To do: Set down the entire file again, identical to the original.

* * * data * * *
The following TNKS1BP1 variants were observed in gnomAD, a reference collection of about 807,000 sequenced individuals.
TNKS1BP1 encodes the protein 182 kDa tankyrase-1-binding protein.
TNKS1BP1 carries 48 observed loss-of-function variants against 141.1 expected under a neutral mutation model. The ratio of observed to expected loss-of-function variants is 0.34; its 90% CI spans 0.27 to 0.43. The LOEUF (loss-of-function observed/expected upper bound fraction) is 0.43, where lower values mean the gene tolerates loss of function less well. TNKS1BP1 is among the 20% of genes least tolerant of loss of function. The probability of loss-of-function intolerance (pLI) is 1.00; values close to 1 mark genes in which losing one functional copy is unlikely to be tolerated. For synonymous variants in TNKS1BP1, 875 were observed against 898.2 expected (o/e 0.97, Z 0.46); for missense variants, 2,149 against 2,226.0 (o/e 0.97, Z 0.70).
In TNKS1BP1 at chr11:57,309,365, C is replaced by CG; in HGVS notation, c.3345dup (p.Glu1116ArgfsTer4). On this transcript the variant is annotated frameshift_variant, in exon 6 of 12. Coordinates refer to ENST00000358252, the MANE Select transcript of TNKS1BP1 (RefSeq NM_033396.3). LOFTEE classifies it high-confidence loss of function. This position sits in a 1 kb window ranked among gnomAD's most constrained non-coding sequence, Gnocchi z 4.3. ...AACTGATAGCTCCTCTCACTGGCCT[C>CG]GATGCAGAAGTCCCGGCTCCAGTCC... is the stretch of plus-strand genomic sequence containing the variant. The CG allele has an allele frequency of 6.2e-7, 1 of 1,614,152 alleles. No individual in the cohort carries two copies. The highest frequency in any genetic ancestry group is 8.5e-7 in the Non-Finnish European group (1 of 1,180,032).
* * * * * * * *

The following TNKS1BP1 variants were observed in gnomAD, a reference collection of about 807,000 sequenced individuals.
TNKS1BP1 encodes the protein 182 kDa tankyrase-1-binding protein.
TNKS1BP1 carries 48 observed loss-of-function variants against 141.1 expected under a neutral mutation model. The ratio of observed to expected loss-of-function variants is 0.34; its 90% CI spans 0.27 to 0.43. The LOEUF (loss-of-function observed/expected upper bound fraction) is 0.43, where lower values mean the gene tolerates loss of function less well. TNKS1BP1 is among the 20% of genes least tolerant of loss of function. The probability of loss-of-function intolerance (pLI) is 1.00; values close to 1 mark genes in which losing one functional copy is unlikely to be tolerated. For synonymous variants in TNKS1BP1, 875 were observed against 898.2 expected (o/e 0.97, Z 0.46); for missense variants, 2,149 against 2,226.0 (o/e 0.97, Z 0.70).
In TNKS1BP1 at chr11:57,309,365, C is replaced by CG; in HGVS notation, c.3345dup (p.Glu1116ArgfsTer4). On this transcript the variant is annotated frameshift_variant, in exon 6 of 12. Coordinates refer to ENST00000358252, the MANE Select transcript of TNKS1BP1 (RefSeq NM_033396.3). LOFTEE classifies it high-confidence loss of function. This position sits in a 1 kb window ranked among gnomAD's most constrained non-coding sequence, Gnocchi z 4.3. ...AACTGATAGCTCCTCTCACTGGCCT[C>CG]GATGCAGAAGTCCCGGCTCCAGTCC... is the stretch of plus-strand genomic sequence containing the variant. The CG allele has an allele frequency of 6.2e-7, 1 of 1,614,152 alleles. No individual in the cohort carries two copies. The highest frequency in any genetic ancestry group is 8.5e-7 in the Non-Finnish European group (1 of 1,180,032).